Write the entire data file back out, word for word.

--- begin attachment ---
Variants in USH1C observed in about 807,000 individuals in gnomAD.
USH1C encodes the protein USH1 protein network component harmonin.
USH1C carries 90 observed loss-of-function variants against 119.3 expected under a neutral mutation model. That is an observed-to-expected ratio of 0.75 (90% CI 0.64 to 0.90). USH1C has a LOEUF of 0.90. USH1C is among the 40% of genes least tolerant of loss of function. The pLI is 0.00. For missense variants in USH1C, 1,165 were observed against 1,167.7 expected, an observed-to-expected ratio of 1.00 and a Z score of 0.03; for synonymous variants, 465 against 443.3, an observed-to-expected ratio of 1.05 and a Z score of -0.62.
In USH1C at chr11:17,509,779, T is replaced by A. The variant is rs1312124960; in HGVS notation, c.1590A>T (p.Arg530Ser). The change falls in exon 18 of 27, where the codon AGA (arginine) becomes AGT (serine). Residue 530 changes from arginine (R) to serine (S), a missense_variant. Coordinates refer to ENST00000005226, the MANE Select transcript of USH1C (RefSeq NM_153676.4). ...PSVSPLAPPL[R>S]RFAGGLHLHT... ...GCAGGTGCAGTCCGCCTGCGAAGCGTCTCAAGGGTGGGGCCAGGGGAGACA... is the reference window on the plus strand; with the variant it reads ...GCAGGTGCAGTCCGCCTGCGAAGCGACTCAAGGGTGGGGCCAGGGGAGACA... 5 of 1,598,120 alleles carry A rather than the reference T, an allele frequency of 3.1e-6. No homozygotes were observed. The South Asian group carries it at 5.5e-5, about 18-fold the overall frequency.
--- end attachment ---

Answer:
Variants in USH1C observed in about 807,000 individuals in gnomAD.
USH1C encodes the protein USH1 protein network component harmonin.
USH1C carries 90 observed loss-of-function variants against 119.3 expected under a neutral mutation model. That is an observed-to-expected ratio of 0.75 (90% CI 0.64 to 0.90). USH1C has a LOEUF of 0.90. USH1C is among the 40% of genes least tolerant of loss of function. The pLI is 0.00. For missense variants in USH1C, 1,165 were observed against 1,167.7 expected, an observed-to-expected ratio of 1.00 and a Z score of 0.03; for synonymous variants, 465 against 443.3, an observed-to-expected ratio of 1.05 and a Z score of -0.62.
In USH1C at chr11:17,509,779, T is replaced by A. The variant is rs1312124960; in HGVS notation, c.1590A>T (p.Arg530Ser). The change falls in exon 18 of 27, where the codon AGA (arginine) becomes AGT (serine). Residue 530 changes from arginine (R) to serine (S), a missense_variant. Coordinates refer to ENST00000005226, the MANE Select transcript of USH1C (RefSeq NM_153676.4). ...PSVSPLAPPL[R>S]RFAGGLHLHT... ...GCAGGTGCAGTCCGCCTGCGAAGCGTCTCAAGGGTGGGGCCAGGGGAGACA... is the reference window on the plus strand; with the variant it reads ...GCAGGTGCAGTCCGCCTGCGAAGCGACTCAAGGGTGGGGCCAGGGGAGACA... 5 of 1,598,120 alleles carry A rather than the reference T, an allele frequency of 3.1e-6. No homozygotes were observed. The South Asian group carries it at 5.5e-5, about 18-fold the overall frequency.